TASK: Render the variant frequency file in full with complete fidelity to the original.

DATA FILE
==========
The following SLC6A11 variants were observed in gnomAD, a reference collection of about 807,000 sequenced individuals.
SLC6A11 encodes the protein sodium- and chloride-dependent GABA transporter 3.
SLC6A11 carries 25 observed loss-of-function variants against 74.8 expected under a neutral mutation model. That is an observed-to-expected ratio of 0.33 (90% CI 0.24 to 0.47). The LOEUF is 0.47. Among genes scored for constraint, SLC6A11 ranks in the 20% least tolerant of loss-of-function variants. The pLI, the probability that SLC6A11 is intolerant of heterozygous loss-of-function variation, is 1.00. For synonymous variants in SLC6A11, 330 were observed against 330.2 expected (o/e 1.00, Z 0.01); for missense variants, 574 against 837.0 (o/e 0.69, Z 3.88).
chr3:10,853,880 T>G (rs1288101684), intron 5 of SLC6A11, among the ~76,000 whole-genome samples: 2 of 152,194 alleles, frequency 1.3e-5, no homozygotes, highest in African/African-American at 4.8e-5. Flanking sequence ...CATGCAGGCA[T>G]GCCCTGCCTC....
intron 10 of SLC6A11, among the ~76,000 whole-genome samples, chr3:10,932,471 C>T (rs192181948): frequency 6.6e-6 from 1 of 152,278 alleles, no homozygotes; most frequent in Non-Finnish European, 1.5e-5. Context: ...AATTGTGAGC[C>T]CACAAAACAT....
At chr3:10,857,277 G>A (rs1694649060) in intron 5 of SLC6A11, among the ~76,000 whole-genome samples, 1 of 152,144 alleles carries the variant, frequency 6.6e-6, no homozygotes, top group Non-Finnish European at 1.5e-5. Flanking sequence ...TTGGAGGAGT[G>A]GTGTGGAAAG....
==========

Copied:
The following SLC6A11 variants were observed in gnomAD, a reference collection of about 807,000 sequenced individuals.
SLC6A11 encodes the protein sodium- and chloride-dependent GABA transporter 3.
SLC6A11 carries 25 observed loss-of-function variants against 74.8 expected under a neutral mutation model. That is an observed-to-expected ratio of 0.33 (90% CI 0.24 to 0.47). The LOEUF is 0.47. Among genes scored for constraint, SLC6A11 ranks in the 20% least tolerant of loss-of-function variants. The pLI, the probability that SLC6A11 is intolerant of heterozygous loss-of-function variation, is 1.00. For synonymous variants in SLC6A11, 330 were observed against 330.2 expected (o/e 1.00, Z 0.01); for missense variants, 574 against 837.0 (o/e 0.69, Z 3.88).
chr3:10,853,880 T>G (rs1288101684), intron 5 of SLC6A11, among the ~76,000 whole-genome samples: 2 of 152,194 alleles, frequency 1.3e-5, no homozygotes, highest in African/African-American at 4.8e-5. Flanking sequence ...CATGCAGGCA[T>G]GCCCTGCCTC....
intron 10 of SLC6A11, among the ~76,000 whole-genome samples, chr3:10,932,471 C>T (rs192181948): frequency 6.6e-6 from 1 of 152,278 alleles, no homozygotes; most frequent in Non-Finnish European, 1.5e-5. Context: ...AATTGTGAGC[C>T]CACAAAACAT....
At chr3:10,857,277 G>A (rs1694649060) in intron 5 of SLC6A11, among the ~76,000 whole-genome samples, 1 of 152,144 alleles carries the variant, frequency 6.6e-6, no homozygotes, top group Non-Finnish European at 1.5e-5. Flanking sequence ...TTGGAGGAGT[G>A]GTGTGGAAAG....